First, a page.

Stages has forsaken simpler designs like Garmin or Sigma use and opted for a toothed system that clasps the head unit. There’s no finesse with this bracket. You need to retract the mounting tab while your angle or roll the computer into place. The interface offers no tactile feedback to let you know it is secure. The instructions claim that there is an audible click when properly engaged. My experience with the original as well as the warranty replacement was more of grinding noise than a click.
The interface is metal against metal and after only a few weeks of use, it began to show wear and the connection became loose and wiggled while riding. Stages includes a lanyard to retain the computer in case it would accidently detach from the bracket. Ironically, the lanyard broke while installing it the very first time.
The bracket is installed using a 2.5mm hex key. This is an odd choice given few cycling multi-tools include this size so if you need to make an adjustment while on a ride, you’ll need to carry an extra tool. Stages does however include a Torx key for tightening a screw that compensates for wear between the bracket and computer. One must wonder why Stages designed the bracket in such a manner.
On both of my units, the power button requires a ridiculous amount if force to operate. No, seriously, this is beyond belief. Compared to any other bike computer or any other electronic device, this is a seriously flawed detail. On several occasions, attempting to power the unit on or off resulted in the computer disengaging from the mounting bracket. The function keys however have good tactile feels and operate well.
The display screen is the best feature of the Stages Dash L50. It is bright and clear. However, both units have had flickering screens. This appears to be attributable to the auto-brightness/dimming mode not being able to respond smoothly making for a rather harsh or startling transition.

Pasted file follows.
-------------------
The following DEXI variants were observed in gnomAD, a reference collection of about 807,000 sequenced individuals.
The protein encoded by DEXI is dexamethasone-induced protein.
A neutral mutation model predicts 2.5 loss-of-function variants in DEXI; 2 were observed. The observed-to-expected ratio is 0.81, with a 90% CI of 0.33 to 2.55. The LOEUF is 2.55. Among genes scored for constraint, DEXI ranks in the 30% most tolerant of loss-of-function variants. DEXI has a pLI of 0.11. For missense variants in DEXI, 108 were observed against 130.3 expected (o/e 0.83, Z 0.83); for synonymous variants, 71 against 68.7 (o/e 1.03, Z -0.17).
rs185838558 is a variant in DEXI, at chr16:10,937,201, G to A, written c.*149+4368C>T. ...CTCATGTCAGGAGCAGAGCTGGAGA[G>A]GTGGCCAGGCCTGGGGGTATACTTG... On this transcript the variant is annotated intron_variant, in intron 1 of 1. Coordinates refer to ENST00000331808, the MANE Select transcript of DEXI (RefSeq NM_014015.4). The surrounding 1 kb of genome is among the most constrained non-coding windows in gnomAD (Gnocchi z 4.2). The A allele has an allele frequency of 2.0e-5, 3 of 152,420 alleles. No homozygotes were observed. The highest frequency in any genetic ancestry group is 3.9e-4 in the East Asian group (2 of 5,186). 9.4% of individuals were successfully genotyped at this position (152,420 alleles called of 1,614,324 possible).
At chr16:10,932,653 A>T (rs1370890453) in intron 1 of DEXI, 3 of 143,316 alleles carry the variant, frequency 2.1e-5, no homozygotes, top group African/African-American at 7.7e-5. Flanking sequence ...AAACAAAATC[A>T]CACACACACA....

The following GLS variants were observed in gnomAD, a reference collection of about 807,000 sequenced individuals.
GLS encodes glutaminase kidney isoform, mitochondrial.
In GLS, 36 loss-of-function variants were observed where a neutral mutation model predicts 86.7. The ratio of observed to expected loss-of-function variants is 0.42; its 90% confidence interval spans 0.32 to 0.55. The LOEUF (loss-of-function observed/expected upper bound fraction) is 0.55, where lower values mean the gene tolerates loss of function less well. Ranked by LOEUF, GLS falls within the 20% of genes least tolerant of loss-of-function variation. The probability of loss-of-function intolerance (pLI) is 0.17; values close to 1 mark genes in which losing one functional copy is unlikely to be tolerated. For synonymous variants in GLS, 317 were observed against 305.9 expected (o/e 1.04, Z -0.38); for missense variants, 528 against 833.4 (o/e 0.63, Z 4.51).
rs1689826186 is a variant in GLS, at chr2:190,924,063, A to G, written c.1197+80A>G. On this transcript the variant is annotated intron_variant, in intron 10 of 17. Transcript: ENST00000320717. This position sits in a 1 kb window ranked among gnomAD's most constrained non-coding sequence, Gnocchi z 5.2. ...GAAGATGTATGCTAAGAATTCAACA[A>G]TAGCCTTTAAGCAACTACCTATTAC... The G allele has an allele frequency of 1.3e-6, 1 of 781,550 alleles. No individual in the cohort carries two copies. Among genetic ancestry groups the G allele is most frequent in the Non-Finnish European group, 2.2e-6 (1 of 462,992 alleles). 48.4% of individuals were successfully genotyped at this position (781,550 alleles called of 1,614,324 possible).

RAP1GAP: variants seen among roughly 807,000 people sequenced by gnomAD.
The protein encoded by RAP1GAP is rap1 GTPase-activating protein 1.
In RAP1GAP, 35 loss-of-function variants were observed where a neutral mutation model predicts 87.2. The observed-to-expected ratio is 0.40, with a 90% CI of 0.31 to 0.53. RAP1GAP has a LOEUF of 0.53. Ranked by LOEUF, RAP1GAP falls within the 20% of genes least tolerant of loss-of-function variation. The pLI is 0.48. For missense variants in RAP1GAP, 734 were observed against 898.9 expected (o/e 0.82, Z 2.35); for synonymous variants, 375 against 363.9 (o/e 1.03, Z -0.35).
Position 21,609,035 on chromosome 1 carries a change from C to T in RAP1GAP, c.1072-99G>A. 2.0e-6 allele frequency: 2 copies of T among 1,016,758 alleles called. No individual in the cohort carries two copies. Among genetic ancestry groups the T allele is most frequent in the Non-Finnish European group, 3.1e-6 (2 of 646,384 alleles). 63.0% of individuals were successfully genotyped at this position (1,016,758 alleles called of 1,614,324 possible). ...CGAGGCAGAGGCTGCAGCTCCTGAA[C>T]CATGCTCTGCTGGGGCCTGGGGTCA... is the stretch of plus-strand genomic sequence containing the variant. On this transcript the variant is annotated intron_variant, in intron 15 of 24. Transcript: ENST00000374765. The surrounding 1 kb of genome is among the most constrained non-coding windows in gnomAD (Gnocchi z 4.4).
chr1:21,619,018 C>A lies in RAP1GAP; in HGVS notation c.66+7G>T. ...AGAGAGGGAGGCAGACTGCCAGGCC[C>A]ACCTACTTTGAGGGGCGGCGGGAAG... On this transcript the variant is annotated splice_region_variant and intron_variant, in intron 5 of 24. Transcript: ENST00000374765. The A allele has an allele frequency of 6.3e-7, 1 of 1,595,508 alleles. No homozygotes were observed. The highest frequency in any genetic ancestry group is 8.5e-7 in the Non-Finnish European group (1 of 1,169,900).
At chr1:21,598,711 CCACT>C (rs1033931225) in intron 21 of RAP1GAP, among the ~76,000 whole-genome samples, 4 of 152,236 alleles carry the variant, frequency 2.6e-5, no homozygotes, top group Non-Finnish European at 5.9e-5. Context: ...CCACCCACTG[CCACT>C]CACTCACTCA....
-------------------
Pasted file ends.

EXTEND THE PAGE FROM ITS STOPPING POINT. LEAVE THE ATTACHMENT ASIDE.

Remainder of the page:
Warranty and Return
After a month of use, my original units mounting bracket became unreasonably loose and the screen flickered constantly. I contacted Stages and the unit was replaced under warranty. The new unit was more secure but still difficult to attach and secure. The replacement unit screen still flickered although to a lesser extent. The power button still sucked. The issues with the phone app never were addressed. After enduring all these annoyances for another six months, I contacted Stages about each of the problems, and they agreed to refund my purchase. To Stages' credit, their willingness to replace the computer, and ultimately arrange for a return and refund, was encouraging.
Good idea, poor execution of details. Usability has much to be desired.
The Stages Dash L50 while promising was ultimately a huge disappointment. This is simply the worst bike computer that I have ever encountered. The phone app is buggy and has poor usability. The mounting bracket and power button are further examples of poor design choices made by Stages. The screen is the best feature, but all the other problems overshadow it and makes this computer just annoying. Perhaps Stages will fix these problems, but currently I strongly advise against purchasing the Stages Dash L50.